Trait Theories of Serial Killers Essay

 

 

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Introduction

The issue of serial killers is a pertinent issue in the society which has many negative implications - Trait Theories of Serial Killers Essay introduction. Serial killers negatively affect, not only their victims; but the family members of the victims and the society at large. There exists varied literature which explains the way the mind of a serial killer works in a bid to find lasting solutions towards eradicating the vice of lawless murders in our society. The aim of this paper is to critically analyze strain theory which is key to understanding the mind of a serial killer.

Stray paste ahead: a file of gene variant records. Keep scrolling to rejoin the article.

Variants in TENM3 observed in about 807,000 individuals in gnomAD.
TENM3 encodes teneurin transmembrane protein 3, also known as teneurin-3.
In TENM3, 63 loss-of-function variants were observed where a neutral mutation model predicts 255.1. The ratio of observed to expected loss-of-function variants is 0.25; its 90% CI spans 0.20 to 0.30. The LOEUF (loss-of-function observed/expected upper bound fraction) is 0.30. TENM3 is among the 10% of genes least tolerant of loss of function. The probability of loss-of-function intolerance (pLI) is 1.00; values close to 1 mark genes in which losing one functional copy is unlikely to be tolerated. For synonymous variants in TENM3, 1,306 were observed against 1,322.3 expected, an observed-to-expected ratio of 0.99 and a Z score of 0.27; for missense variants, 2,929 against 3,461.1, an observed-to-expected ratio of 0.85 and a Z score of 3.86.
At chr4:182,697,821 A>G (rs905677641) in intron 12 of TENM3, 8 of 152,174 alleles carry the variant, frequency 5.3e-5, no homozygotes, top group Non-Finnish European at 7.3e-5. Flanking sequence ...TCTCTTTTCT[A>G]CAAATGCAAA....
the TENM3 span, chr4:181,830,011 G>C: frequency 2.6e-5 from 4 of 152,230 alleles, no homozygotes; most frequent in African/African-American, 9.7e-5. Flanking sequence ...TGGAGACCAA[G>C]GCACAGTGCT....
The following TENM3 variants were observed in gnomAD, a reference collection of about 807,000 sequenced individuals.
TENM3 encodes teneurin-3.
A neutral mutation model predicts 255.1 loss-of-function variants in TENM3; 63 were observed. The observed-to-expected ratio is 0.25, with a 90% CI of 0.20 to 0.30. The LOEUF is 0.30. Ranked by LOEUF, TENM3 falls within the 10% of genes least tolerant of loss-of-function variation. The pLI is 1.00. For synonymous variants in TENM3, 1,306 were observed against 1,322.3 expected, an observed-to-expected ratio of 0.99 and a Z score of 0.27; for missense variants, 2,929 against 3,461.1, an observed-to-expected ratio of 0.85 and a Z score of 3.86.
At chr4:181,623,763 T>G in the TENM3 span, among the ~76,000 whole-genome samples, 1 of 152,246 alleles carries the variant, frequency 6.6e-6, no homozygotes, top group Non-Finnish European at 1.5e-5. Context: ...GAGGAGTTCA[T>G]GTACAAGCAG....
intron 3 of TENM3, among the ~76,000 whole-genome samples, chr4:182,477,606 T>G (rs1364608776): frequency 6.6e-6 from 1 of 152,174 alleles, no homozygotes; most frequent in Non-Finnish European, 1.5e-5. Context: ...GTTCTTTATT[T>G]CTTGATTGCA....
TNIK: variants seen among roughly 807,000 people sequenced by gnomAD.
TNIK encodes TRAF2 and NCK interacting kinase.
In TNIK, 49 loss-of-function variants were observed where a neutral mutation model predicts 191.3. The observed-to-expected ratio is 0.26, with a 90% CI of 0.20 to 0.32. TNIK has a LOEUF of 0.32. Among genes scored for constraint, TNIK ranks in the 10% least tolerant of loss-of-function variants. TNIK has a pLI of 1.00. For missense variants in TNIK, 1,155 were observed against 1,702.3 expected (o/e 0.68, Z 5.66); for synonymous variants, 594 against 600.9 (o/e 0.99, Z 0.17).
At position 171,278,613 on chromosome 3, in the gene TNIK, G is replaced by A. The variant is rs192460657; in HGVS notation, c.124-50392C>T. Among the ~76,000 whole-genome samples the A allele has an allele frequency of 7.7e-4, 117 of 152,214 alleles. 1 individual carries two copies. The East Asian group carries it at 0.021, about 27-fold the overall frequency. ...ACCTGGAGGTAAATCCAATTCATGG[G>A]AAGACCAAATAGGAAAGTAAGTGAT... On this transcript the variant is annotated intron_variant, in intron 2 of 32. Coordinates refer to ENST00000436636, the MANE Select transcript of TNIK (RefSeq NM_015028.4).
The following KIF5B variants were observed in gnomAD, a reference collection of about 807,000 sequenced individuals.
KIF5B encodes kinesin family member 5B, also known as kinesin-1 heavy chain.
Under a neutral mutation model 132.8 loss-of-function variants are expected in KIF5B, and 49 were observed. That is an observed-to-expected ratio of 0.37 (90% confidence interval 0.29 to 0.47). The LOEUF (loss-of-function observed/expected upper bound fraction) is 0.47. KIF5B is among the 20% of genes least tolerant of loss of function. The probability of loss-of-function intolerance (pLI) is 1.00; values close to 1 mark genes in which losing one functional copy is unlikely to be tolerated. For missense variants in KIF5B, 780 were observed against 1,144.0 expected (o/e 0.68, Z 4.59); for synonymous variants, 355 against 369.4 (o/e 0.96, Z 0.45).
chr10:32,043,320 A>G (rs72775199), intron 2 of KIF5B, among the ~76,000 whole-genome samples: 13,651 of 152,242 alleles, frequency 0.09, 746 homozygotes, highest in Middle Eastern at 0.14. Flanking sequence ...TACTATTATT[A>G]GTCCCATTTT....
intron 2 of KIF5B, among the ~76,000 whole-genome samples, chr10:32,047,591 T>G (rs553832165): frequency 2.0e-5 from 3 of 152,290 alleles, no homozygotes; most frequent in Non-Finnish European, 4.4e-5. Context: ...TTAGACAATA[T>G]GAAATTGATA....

Studies Show that, crime develops in the gap or dysfunction between culturally induced aspirations for economic success and structurally distributed aspirations of achievement (Siegel, 2004). The lower classes are the most affected by crime due to competition for success. From Metons’ theory it can be argued that, crime stems from cultural and structural anomalies. Other studies from Melton show that, crime is the combination of cultural emphasis and social structures producing intense pressure on individuals and hence resulting to deviation (Siegel, 2004) However, Cohen argues that Metons strain theory does not explain purposeless crime (Siegel, 2004). For example there are many cases of serial killers who kill for fun or without any purpose. Cohen believes that crime stems from interpersonal strains which come from group interrelations (Richard & Steven, 1995). For example in competitive environment losers face frustrations and may turn to crime as a way of dealing with their frustrations. Frustrations are seen as major catalyst of expected and unexpected criminal acts.